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LocalWiki can provide more depth to your reporting
LocalWiki amplifies and aids the work of local journalists. It can be used for background research, be linked to for providing more context than what would be appropriate in a news story, allow community members to contribute in creating and updating the story, and allow realtime documentation of a story in a distributed, collaborative, and open way.
Examples of LocalWiki for documenting news stories
- Community members created in-depth documentation of the controversial UC Davis police response to Occupy UC Davis, including broad coverage of the infamous pepperspray incident. Research done in this article was used as part of evidence during a California Supreme Court hearing on the incident.
- As a result of multiple pedestrian railroad deaths, residents proposed a new fence bordering the tracks. The proposal was without controversy, and residents documented the entire timeline of proposals, counter-proposals, city hall meetings and media via the article Olive Drive Railroad Fence.
- Local privacy advocates in Oakland created the most in-depth online repository of information on the Domain Awareness Center, a proposed surveillance data aggregation hub. Their work was pushed out through an aggressive social media campaign, which lead to a surge of city council attendees, the participation of legal observers from the ACLU and the EFF, and a New York Times articles referencing the Oakland Wiki article.
How you can use LocalWiki as a journalist
Open Reporter's Notebook
A LocalWiki site can act as a kind of "open notebook" that is part of the reporter's information gathering process:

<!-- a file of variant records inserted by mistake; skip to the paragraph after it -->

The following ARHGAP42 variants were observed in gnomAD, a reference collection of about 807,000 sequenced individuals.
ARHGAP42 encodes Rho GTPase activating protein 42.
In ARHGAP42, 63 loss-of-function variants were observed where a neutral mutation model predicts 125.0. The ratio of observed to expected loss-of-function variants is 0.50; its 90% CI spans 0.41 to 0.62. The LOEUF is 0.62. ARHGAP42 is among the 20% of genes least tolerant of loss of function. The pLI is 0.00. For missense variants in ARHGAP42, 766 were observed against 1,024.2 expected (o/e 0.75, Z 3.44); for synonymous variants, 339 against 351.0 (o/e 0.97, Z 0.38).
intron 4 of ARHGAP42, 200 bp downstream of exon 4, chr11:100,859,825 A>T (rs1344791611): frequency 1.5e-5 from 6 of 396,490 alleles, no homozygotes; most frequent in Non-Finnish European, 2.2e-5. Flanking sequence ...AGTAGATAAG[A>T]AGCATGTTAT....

- Get a story idea, create a page on the wiki with basic info.
- Write an initial blog post about the topic, and promote the wiki page through social media, main website, etc., asking for people to add what they know to the wiki page.
- Take notes on the wiki page. Cite sources and organize/edit contributions from others.
- If appropriate, create entries for topics relating to the story (for example, for a story about a building project, you can create an entry about the building project itself, but also create entries for the developer and the key people/departments in city hall who are working on it (like so: http://oaklandwiki.org/Brooklyn_Basin, http://oaklandwiki.org/Oakland_Army_Base_Project)
Create a blog post / feature article based in part on the research added to the wiki page.
- Reference the wiki page and it's contributors in a bio thing at the end of the story.
- Add links to related blog posts on the wiki page.
- "Using SeattleWiki as an "open notebook" for news"
(note that this doesn't work for extremely sensitive content, but most content would be fine for this approach)
This is sorta like what Wired did with their Lord of the Files story where it was written collaboratively on GitHub: https://github.com/WiredEnterprise/Lord-of-the-Files
Except with this approach the wiki page is a little more raw, and can have a life of its own after the blog finishes covering the topic.